You can also visit the neighbouring islands by ferry. Mannabe is well worth a visit, with a very well preserved temple, that serves as a community centre for activities and art displays. There is also a picturesque walk along the waters edge, to the left of the ferry port. Climb the hill to the temple, turn left and climb some more steps to find exercise stations, then the pretty flower garden that overlooks the sea and the island.

The very talented Shiraishi Island’s Mrs Shinohara
In the morning as Sophie, Fred and I are enjoying our breakfast on the outside deck , we see the bonneted head of an elderly Japanese lady, just below the veranda. She introduces herself as Mrs Shinohara and gives us some beautiful paper umbrellas that she has made and we accept gratefully. As she wanders back down to the road that leads down to the beach, she points to her house and indicates that she would like us to visit.

After breakfast, I go to visit Mrs Shinohara, and she tells me she is 75 years of age. She invites me for tea and cake as I sit at her entrance and she shows me how she makes the umbrellas out of newspapers and magazines. Then she points to the characters in traditional dress that she has made for a play. The very talented, Mrs Shinohara also proudly displays the ceramic bowls and vases she has produced and the birds that she made out of paper.

Sailing around the island in style

If you feel adventurous and want to sail around the islands, Amy Chavez, an American and long time resident of Shiraishi, and her Australian partner Paul will take you on a sail. This takes place throughout the year except for July and August when they are busy with the Moo bar on the beach. Amy also takes bookings for accommodation on the Island. For details of the accommodation reservations and the sailing schedule and fee, see below.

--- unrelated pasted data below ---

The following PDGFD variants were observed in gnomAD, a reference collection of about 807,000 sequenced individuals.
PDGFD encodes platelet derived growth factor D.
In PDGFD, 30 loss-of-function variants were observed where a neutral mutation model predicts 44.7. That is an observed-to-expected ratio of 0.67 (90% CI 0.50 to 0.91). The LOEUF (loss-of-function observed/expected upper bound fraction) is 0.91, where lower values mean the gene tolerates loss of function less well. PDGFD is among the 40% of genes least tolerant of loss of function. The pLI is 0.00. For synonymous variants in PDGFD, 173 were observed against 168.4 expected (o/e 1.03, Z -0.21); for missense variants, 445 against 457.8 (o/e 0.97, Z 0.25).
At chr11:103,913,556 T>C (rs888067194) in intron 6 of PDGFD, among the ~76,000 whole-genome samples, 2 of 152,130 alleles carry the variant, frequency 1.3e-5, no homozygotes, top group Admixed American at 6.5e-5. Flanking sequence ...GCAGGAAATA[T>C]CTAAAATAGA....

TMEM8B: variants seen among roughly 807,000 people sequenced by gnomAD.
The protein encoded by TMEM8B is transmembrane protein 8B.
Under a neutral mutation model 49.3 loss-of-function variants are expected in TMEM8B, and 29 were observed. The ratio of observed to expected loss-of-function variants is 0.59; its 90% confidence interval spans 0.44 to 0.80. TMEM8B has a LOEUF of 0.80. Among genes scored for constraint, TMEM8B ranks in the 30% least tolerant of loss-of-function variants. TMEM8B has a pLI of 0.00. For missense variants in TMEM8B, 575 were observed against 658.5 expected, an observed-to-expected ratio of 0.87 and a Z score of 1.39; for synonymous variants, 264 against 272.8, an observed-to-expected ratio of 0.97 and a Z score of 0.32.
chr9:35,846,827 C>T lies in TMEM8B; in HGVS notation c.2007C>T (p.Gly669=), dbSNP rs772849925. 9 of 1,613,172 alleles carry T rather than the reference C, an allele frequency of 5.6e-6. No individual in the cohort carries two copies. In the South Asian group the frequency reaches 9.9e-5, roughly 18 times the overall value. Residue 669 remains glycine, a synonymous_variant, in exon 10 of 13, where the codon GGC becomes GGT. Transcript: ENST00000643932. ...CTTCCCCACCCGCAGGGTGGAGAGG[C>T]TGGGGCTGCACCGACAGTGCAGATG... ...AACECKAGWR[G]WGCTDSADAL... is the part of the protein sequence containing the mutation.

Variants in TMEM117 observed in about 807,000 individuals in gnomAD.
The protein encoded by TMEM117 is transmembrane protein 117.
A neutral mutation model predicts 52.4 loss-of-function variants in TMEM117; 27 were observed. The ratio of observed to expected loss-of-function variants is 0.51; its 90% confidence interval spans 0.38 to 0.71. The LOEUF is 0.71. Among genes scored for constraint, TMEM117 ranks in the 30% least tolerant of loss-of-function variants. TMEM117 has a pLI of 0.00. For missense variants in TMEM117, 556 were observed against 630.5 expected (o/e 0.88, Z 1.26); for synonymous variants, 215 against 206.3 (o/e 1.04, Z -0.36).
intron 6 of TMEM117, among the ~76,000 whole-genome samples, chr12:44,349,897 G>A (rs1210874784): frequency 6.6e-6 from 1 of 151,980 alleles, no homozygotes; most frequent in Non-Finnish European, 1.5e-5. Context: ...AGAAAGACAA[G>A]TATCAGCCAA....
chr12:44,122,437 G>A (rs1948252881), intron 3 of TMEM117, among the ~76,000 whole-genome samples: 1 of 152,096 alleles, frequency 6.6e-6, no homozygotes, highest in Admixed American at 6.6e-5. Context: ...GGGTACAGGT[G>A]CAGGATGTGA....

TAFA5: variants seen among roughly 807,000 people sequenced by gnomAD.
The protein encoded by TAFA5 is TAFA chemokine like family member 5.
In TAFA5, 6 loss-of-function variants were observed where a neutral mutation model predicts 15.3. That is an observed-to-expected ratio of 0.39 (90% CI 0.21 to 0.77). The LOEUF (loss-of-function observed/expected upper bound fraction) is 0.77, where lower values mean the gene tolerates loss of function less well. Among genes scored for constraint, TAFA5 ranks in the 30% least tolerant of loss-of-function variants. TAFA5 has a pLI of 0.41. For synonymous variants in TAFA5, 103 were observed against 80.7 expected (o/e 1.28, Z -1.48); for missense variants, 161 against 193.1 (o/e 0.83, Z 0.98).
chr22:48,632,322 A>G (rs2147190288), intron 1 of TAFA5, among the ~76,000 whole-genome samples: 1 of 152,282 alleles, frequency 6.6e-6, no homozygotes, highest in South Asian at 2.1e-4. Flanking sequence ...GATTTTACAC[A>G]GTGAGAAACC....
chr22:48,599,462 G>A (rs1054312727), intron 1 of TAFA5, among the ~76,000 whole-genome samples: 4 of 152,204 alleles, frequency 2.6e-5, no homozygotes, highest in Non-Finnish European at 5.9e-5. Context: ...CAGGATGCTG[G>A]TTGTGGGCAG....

Getting to Shiraishi Island –
The cheapest way to get there is to catch the Bus from Osaka directly to Kazaoka, from OCAT, Osaka Central Bus Terminal, Namba, The fare is around $40 one way, the bus departs from Osaka daily at 9.45 and arrives in Kazaoka at 12.15 PM. When you get off the bus, walk straight ahead for three minutes and you will see Kazaoka station. For Japan Rail Pass travellers, catch the Shinkansen to Fukuyama station and then the local train to Kazaoka.

To find the ferry terminal, turn left at the station and on your right walk though the underpass, then turn left and right across the pedestrian crossing and walk straight ahead for 30 seconds. Then turn left and you will see the ferry terminal ahead. There is a ferry to Shiraishi at around 1,20 PM if you catch the bus from Osaka and that ferry cost $8 The daily schedule for the Island’s ferries is provided when you book your accommodation.
Accommodation reservations
Reservations for the International Villa can be made by TEL +81-86-256-2535 FAX +81-86-256-2576 (inside Japan)TEL 086-256-2535 FAX 086-256-2576

Or for email reservations at the Villas, San-chan and the other accommodation places on the island plus all about the sailing trips around the island, just contact Amy Chavez on;

1 comment:

  1. Excellent Carole. I am an old time Japanophile. I lived in Hiroshima 14 years and had never heard of this, but definitely give it a look see when I go again next year. Y宜しくお願いします。Hugh Cann